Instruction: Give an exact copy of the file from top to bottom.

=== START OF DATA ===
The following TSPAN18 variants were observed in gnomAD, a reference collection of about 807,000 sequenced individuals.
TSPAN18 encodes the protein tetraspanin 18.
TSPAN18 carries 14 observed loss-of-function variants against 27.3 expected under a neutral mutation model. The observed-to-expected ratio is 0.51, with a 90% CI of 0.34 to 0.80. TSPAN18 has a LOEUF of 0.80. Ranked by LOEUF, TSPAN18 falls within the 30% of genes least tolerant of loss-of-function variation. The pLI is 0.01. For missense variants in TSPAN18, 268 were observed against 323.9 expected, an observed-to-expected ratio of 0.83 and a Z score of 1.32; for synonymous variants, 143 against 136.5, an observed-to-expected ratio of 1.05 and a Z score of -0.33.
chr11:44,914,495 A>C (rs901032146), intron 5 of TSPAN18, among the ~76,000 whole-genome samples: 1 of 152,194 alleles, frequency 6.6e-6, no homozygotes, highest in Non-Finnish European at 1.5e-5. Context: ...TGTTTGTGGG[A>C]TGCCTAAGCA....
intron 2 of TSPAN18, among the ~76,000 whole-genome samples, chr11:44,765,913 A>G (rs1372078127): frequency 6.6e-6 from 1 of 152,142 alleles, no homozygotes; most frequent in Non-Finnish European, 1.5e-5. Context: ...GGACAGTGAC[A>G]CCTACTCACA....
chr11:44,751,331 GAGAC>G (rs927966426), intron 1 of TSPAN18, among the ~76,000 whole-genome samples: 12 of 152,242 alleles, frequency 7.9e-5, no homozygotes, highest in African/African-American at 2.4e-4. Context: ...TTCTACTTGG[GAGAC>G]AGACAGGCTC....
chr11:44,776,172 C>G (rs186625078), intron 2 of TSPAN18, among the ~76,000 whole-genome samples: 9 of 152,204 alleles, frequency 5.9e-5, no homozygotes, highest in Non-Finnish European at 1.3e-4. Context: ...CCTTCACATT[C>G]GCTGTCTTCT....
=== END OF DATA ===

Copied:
The following TSPAN18 variants were observed in gnomAD, a reference collection of about 807,000 sequenced individuals.
TSPAN18 encodes the protein tetraspanin 18.
TSPAN18 carries 14 observed loss-of-function variants against 27.3 expected under a neutral mutation model. The observed-to-expected ratio is 0.51, with a 90% CI of 0.34 to 0.80. TSPAN18 has a LOEUF of 0.80. Ranked by LOEUF, TSPAN18 falls within the 30% of genes least tolerant of loss-of-function variation. The pLI is 0.01. For missense variants in TSPAN18, 268 were observed against 323.9 expected, an observed-to-expected ratio of 0.83 and a Z score of 1.32; for synonymous variants, 143 against 136.5, an observed-to-expected ratio of 1.05 and a Z score of -0.33.
chr11:44,914,495 A>C (rs901032146), intron 5 of TSPAN18, among the ~76,000 whole-genome samples: 1 of 152,194 alleles, frequency 6.6e-6, no homozygotes, highest in Non-Finnish European at 1.5e-5. Context: ...TGTTTGTGGG[A>C]TGCCTAAGCA....
intron 2 of TSPAN18, among the ~76,000 whole-genome samples, chr11:44,765,913 A>G (rs1372078127): frequency 6.6e-6 from 1 of 152,142 alleles, no homozygotes; most frequent in Non-Finnish European, 1.5e-5. Context: ...GGACAGTGAC[A>G]CCTACTCACA....
chr11:44,751,331 GAGAC>G (rs927966426), intron 1 of TSPAN18, among the ~76,000 whole-genome samples: 12 of 152,242 alleles, frequency 7.9e-5, no homozygotes, highest in African/African-American at 2.4e-4. Context: ...TTCTACTTGG[GAGAC>G]AGACAGGCTC....
chr11:44,776,172 C>G (rs186625078), intron 2 of TSPAN18, among the ~76,000 whole-genome samples: 9 of 152,204 alleles, frequency 5.9e-5, no homozygotes, highest in Non-Finnish European at 1.3e-4. Context: ...CCTTCACATT[C>G]GCTGTCTTCT....